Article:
If all of this seems rushed, it’s helpful to remember that the film takes place during a time of war, and war sometimes creates a sense of urgency and intimacy that would probably not exist during peace time. In fact, it’s entirely likely that these two characters would have never met under normal circumstances. In light of this, their quick courtship actually makes sense. To them, there are only two possibilities: If Roy does indeed come back, they can be together. If he doesn’t, they have at the very least lived their lives without regret. Unfortunately, neither of them anticipates the events that indeed do unfold.
Waterloo Bridge works well because of the strength of the two lead characters. We admire Roy’s romantic nature and intense commitment to Myra, and we respect Myra for her steadfast refusal to give up on life. That refusal eventually leads her to make some tough decisions, but sometimes survival offers you no other alternative. However, because Roy is still alive, Myra’s actions, as well as the personal sacrifices they entail, can be viewed as unnecessary, as mistakes made by a woman without possession of all the facts. Such an interpretation would likely make us look at her decisions with a sense of regret, as if she could have made a different choice. To me, such an interpretation is unfair, for Myra’s actions demonstrate her persistent determination to get through terrible times. They provide evidence of her inner strength. It is not important whether the decisions she makes are morally correct or not; she does what she must do to survive. I wonder if that would have been clearer had the director omitted the opening scene on the bridge.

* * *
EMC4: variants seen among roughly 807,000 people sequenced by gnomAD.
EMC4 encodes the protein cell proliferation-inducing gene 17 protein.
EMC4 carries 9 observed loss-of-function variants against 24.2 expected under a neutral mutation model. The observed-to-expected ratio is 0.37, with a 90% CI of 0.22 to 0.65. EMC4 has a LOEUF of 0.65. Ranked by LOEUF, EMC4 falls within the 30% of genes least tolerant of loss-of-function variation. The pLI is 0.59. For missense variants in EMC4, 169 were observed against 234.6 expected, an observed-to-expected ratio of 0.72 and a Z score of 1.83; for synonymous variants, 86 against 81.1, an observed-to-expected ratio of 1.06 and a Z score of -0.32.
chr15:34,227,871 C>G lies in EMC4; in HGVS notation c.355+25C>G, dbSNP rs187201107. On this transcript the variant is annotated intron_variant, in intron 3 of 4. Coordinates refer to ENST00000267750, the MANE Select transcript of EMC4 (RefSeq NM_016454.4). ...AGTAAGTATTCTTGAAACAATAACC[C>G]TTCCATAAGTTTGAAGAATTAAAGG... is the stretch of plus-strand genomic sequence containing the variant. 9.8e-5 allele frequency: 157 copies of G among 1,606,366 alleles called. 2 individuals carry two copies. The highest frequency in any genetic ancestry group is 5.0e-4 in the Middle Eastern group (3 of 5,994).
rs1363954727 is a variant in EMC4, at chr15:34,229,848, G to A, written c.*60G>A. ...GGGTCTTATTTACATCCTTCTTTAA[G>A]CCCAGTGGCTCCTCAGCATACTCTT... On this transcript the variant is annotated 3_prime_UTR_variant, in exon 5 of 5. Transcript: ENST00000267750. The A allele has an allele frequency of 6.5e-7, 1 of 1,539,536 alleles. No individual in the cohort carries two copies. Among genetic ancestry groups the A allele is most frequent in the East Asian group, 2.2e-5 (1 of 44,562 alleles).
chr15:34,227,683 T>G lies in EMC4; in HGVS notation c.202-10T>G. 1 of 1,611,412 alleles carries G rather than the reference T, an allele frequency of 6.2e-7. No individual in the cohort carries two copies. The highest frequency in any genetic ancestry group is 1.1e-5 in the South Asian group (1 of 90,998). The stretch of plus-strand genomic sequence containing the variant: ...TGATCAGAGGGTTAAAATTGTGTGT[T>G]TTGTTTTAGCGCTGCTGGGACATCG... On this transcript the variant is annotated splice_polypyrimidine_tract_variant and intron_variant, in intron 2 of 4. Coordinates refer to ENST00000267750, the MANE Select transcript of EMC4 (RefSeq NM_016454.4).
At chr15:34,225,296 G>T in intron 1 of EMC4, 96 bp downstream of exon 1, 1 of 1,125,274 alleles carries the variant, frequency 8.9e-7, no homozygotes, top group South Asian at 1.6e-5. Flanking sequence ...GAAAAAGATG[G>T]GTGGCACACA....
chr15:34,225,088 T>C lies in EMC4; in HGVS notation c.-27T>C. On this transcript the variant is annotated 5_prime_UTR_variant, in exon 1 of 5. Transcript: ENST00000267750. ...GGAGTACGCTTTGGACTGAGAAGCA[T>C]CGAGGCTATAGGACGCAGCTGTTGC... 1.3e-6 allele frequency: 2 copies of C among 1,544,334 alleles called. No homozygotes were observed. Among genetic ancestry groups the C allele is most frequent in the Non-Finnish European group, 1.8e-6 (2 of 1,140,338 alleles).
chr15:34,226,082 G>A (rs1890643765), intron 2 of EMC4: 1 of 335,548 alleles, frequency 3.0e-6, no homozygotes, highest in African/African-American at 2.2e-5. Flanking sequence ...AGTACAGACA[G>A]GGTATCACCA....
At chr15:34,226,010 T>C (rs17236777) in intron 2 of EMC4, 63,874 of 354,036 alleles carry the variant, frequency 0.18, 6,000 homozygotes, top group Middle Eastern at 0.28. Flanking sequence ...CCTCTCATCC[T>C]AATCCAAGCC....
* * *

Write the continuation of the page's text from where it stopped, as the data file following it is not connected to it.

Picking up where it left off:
Waterloo Bridge is a remake of a James Whale film from 1931. In that version of Waterloo Bridge, Roy Cronin is a rather naïve individual, and Myra is likely the first person for whom he has ever had such strong romantic feelings. In a way, he is like John Wayne’s character in Stagecoach – so inexperienced that he doesn’t pick up on all of the clues pertaining to the profession of the girl he loves. In the updated version, Cronin’s youthful inexperience is gone. Cronin is a man who knows the world and most likely has known love before. His proposal of marriage therefore comes across as somewhat sensible. It helps that Leigh’s Myra is able to be receptive to it, for in the beginning, everything about her is pure. In Whale’s version, Mea Clark’s Myra never really gets the chance to seriously entertain Cronin’s marriage proposal, and she spends the entire movie trying to find a way out of a situation that she really wants to find herself in. Both versions are well done, yet Whale’s version, made before the Hayes Code was enforced, is slightly more challenging for viewers.
What is consistent in both versions is the idea that having premarital sex, regardless of the circumstances, can be emotionally devastating for some women, causing them to view themselves as being unworthy of such noble institutions as marriage and family. In addition, the film portrays this notion as persisting in women despite the reactions of the men that love them. The film seems to be suggesting that a good woman’s conscience will simply not let her live what she considers to be a lie. Did this notion ever exist as strongly as it does in Waterloo Bridge? Perhaps it did. Could Hollywood films have portrayed it any differently? Probably not. Waterloo Bridge is therefore a romantic tragedy, a film about a love that should have been one for the ages but which time was unfortunately not ready to accept. It remains a powerful film. (on DVD)